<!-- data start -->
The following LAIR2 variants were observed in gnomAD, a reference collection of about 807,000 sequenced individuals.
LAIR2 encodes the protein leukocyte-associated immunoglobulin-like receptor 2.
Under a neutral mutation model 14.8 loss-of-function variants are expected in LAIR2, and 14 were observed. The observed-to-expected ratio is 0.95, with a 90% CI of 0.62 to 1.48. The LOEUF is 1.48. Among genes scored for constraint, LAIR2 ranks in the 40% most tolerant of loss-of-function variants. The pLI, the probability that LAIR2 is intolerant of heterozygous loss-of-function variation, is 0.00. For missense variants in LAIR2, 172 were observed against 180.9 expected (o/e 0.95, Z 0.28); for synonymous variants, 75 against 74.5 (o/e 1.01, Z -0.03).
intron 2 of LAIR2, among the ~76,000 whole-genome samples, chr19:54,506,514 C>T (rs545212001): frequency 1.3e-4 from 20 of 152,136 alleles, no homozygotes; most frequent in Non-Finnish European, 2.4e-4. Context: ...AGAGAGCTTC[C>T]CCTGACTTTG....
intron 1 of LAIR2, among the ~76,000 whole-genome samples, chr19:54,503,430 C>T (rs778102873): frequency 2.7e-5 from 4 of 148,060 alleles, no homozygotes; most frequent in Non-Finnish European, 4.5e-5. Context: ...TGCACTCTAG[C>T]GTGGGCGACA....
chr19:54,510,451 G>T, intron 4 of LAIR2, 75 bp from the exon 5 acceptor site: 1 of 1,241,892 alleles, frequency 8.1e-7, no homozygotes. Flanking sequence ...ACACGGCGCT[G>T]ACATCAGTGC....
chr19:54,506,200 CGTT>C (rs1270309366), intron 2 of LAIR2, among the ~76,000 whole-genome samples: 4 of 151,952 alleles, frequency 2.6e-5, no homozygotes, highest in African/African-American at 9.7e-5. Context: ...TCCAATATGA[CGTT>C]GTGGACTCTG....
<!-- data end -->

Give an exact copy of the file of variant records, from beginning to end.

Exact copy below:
The following LAIR2 variants were observed in gnomAD, a reference collection of about 807,000 sequenced individuals.
LAIR2 encodes the protein leukocyte-associated immunoglobulin-like receptor 2.
Under a neutral mutation model 14.8 loss-of-function variants are expected in LAIR2, and 14 were observed. The observed-to-expected ratio is 0.95, with a 90% CI of 0.62 to 1.48. The LOEUF is 1.48. Among genes scored for constraint, LAIR2 ranks in the 40% most tolerant of loss-of-function variants. The pLI, the probability that LAIR2 is intolerant of heterozygous loss-of-function variation, is 0.00. For missense variants in LAIR2, 172 were observed against 180.9 expected (o/e 0.95, Z 0.28); for synonymous variants, 75 against 74.5 (o/e 1.01, Z -0.03).
intron 2 of LAIR2, among the ~76,000 whole-genome samples, chr19:54,506,514 C>T (rs545212001): frequency 1.3e-4 from 20 of 152,136 alleles, no homozygotes; most frequent in Non-Finnish European, 2.4e-4. Context: ...AGAGAGCTTC[C>T]CCTGACTTTG....
intron 1 of LAIR2, among the ~76,000 whole-genome samples, chr19:54,503,430 C>T (rs778102873): frequency 2.7e-5 from 4 of 148,060 alleles, no homozygotes; most frequent in Non-Finnish European, 4.5e-5. Context: ...TGCACTCTAG[C>T]GTGGGCGACA....
chr19:54,510,451 G>T, intron 4 of LAIR2, 75 bp from the exon 5 acceptor site: 1 of 1,241,892 alleles, frequency 8.1e-7, no homozygotes. Flanking sequence ...ACACGGCGCT[G>T]ACATCAGTGC....
chr19:54,506,200 CGTT>C (rs1270309366), intron 2 of LAIR2, among the ~76,000 whole-genome samples: 4 of 151,952 alleles, frequency 2.6e-5, no homozygotes, highest in African/African-American at 9.7e-5. Context: ...TCCAATATGA[CGTT>C]GTGGACTCTG....